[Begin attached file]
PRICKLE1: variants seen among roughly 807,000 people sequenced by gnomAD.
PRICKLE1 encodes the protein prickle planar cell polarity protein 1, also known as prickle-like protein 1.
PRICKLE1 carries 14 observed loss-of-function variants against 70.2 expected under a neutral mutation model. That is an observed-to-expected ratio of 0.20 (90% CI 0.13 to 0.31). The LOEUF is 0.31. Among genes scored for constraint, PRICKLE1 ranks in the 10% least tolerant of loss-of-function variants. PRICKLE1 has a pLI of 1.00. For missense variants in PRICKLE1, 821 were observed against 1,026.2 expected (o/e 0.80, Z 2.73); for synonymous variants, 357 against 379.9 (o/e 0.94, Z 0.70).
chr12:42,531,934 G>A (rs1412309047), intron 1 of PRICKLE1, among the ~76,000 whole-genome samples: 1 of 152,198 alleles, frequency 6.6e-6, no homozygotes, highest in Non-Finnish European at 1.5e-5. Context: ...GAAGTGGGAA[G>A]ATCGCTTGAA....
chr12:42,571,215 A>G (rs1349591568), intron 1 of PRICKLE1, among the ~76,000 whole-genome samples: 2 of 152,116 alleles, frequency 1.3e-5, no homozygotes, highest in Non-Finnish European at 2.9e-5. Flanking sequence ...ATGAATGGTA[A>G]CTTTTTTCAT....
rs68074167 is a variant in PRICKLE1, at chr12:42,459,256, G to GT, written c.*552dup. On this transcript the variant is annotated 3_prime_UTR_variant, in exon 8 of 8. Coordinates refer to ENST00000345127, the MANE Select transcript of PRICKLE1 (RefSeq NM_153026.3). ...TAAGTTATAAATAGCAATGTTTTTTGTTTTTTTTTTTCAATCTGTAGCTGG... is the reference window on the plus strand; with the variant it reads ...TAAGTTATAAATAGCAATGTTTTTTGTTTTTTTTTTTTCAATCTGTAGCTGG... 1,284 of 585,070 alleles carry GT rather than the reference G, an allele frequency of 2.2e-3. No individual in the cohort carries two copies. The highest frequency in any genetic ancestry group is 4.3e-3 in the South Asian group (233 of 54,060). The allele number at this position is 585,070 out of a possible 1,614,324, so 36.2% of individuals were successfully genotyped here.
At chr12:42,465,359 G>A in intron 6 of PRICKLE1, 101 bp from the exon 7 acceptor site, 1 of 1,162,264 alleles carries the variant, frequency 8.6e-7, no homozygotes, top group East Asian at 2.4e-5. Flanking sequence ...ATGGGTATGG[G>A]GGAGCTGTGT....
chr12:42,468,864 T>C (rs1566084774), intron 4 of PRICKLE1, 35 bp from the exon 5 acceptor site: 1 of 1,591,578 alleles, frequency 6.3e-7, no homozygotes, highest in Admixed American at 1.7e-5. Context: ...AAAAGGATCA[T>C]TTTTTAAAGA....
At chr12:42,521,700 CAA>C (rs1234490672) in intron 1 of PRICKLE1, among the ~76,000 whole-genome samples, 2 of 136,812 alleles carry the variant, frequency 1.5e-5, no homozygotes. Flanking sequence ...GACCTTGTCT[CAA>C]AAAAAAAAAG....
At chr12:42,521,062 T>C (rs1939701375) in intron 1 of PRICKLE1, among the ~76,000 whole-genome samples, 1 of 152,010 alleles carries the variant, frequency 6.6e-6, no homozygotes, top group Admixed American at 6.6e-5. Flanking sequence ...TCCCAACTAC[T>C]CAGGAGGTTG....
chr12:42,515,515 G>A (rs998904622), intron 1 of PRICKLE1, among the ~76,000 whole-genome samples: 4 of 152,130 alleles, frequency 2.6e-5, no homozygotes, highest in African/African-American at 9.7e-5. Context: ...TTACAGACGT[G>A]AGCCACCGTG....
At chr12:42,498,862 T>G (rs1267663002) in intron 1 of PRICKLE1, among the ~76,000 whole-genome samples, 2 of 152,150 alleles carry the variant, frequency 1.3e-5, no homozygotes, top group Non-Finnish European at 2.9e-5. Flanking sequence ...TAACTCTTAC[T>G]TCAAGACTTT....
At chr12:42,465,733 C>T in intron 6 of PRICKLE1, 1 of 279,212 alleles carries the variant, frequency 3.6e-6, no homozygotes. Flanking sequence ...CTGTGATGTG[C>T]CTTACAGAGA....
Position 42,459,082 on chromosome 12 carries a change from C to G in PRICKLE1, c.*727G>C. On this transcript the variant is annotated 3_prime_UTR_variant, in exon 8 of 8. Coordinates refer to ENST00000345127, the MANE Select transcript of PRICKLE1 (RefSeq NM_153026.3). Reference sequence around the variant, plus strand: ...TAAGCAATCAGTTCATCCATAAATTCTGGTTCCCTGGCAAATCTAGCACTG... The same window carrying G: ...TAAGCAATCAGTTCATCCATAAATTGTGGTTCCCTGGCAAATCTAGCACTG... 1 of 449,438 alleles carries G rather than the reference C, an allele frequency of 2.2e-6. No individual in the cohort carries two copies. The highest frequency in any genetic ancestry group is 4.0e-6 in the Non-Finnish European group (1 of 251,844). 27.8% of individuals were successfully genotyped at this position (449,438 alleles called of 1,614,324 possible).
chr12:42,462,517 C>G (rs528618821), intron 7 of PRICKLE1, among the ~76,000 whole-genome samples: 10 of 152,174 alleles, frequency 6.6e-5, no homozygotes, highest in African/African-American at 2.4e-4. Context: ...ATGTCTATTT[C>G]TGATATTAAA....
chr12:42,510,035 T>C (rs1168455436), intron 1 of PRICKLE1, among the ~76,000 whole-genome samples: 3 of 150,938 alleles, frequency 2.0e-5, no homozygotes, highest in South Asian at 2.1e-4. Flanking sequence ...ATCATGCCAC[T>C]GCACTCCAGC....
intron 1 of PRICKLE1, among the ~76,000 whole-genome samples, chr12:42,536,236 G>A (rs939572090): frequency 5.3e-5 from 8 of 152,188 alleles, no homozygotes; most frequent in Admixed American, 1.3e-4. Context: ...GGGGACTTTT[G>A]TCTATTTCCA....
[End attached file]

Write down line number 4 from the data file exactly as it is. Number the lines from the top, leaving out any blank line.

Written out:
chr12:42,531,934 G>A (rs1412309047), intron 1 of PRICKLE1, among the ~76,000 whole-genome samples: 1 of 152,198 alleles, frequency 6.6e-6, no homozygotes, highest in Non-Finnish European at 1.5e-5. Context: ...GAAGTGGGAA[G>A]ATCGCTTGAA....